Global Warming Creates a Stairway to Heaven
Climate change is leading to increased temperatures, especially noticeable in mountains and other cooler climes. Many animals and plants, especially in the tropics where temperatures are more uniform, prefer certain temperatures and may even die when it gets too hot.
Currently, 21% of world’s bird species face a risk of extinction, defined as being threatened or near threatened with extinction according to the World Conservation Union (IUCN). In our recent paper in the scientific journal Conservation Biology, titled “Climate change, elevational ranges, and bird extinctions” (Sekercioglu, Schneider, Fay & Loarie, in press), we show that bird species’ elevational ranges have a positive correlation with improved conservation status. Therefore, reductions in birds’ elevational ranges caused by climate change are likely to increase the extinction likelihood of a bird species. The increased risk of extinction can be calculated by using the relationship we describe in our paper and extinctions can be estimated by modeling elevational shifts that will be caused by climate change. These relationships are likely to apply to other terrestrial organisms (amphibians, mammals, etc), but more research is needed on this.
Habitat change makes the situation worse because there may be no habitat to move into in many places, even if the mountain is tall enough. We combined habitat loss and global warming scenarios for 2100 to estimate the numbers of land bird species that will be threatened and/or driven to extinction by climate change by 2100. Our best guess is that climate change effects, exacerbated by habitat loss, will result in about 400–550 land bird extinctions by 2100, based on a best-guess of 2.8 °C warming. This is 5-7% of all land bird species. With 1 °C surface warming or less, bird extinctions are likely to remain below 100 species. In the worst case, however, with 6.4 °C warming and extensive habitat loss, as many as 2500 land bird species may be committed to extinction, 30% of all land birds. Aquatic birds, such as penguins, are also threatened by climate change, but we did not estimate their extinction likelihood, due to the different dynamics involved.
Each additional degree of warming will have increasingly devastating effects. Bird extinctions increase faster than climate change, so even slowing down climate change by a few degrees will save hundreds of bird species. We have little data on many bird species and we urgently need much better data on where the birds are and how they are responding to climate change, especially on tropical mountains.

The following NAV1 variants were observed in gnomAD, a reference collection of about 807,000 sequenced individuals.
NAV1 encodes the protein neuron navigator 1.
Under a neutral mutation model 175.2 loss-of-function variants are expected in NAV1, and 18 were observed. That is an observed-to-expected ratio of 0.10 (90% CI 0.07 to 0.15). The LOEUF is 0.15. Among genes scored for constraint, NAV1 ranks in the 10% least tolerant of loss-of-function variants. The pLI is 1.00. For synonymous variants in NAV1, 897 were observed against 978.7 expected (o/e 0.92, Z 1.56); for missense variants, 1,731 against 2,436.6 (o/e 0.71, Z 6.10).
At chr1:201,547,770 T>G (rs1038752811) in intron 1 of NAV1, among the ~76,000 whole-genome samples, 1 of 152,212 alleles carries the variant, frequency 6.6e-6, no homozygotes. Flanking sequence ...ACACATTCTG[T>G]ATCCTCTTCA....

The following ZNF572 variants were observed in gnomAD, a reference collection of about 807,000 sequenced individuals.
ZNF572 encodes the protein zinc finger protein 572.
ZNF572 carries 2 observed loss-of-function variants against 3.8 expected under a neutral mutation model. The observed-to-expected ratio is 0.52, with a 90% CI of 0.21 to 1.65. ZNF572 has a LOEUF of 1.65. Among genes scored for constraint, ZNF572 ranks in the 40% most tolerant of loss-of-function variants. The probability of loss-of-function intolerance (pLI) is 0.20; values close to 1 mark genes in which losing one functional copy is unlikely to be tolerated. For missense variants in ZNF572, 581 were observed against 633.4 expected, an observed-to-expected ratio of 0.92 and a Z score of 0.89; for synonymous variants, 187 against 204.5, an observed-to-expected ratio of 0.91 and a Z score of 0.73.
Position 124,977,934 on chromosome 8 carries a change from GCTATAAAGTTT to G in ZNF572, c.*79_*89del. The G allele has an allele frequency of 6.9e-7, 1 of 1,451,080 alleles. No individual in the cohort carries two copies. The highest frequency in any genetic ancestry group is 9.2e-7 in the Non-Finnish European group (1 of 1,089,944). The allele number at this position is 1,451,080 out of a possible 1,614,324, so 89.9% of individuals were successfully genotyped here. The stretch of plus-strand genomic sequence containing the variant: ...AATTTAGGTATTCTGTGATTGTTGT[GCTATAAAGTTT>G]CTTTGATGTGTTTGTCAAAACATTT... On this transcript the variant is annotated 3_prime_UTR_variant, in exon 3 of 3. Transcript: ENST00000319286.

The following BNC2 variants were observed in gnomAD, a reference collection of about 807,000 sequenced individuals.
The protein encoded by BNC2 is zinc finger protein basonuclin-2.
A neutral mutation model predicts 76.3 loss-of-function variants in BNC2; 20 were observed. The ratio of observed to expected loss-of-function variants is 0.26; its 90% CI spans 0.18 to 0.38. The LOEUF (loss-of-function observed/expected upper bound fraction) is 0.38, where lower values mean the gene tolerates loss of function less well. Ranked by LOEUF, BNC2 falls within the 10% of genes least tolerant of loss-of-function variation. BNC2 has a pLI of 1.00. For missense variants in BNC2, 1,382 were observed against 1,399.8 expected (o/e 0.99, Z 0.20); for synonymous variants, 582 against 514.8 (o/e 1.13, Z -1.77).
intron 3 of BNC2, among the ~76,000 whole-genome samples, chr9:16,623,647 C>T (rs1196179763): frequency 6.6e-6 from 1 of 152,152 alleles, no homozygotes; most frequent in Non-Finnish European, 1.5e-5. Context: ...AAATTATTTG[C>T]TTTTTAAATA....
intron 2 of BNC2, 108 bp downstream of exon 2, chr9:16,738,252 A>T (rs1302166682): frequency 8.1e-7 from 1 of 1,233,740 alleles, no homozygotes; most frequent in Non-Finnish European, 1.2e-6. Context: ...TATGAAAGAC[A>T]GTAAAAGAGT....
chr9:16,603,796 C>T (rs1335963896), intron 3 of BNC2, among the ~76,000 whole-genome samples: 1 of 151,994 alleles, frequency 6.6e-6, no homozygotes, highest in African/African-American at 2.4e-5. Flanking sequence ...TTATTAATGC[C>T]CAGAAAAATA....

The take home message is that, climate change, exacerbated by habitat loss, will reduce the ranges of hundreds of bird species, sometimes to the point of extinction. With increasing warming, the extinctions will increase in an accelerating fashion, not linearly, and will be especially severe for tropical mountain species, most of which are endemic and have small ranges. Our best guess is that climate change effects, exacerbated by habitat loss, will result in about 400–550 land bird extinctions by 2100, based on a 2.8 °C warming. The worst case scenario predicts about 2500 bird extinctions, 30% of all land bird species or 26% of all bird species.
Until now, habitat loss, exploitation (e.g. hunting, pet trade), and introduced species (e.g. cats, rats, dogs, pigs) have been the main drivers of species extinctions. These factors have mostly affected islands and lowlands, and mountain species have been relatively safe. However, climate change will affect intact montane (and polar) habitats most and its victims will mainly be those species not presently threatened by habitat loss or hunting. Large numbers of species, thus-far largely unaffected by human actions, are in danger of extinction from climate change.
If we do not slow down climate change, we can expect hundreds of bird extinctions. At the very least, that means the disappearance of many fascinating life forms and the world will be the poorer for it. Birds are one of the best conserved groups and most other groups (e.g. plants, amphibians, fish, mammals, mollusks) are more threatened with extinction than birds. The same extinction dynamics apply to many of them and many of these species will also disappear due to the combined effects of habitat loss and climate change. Disappearances of so many species will also have long-term ecological effects that are very hard to predict, but are unlikely to be favorable to humanity.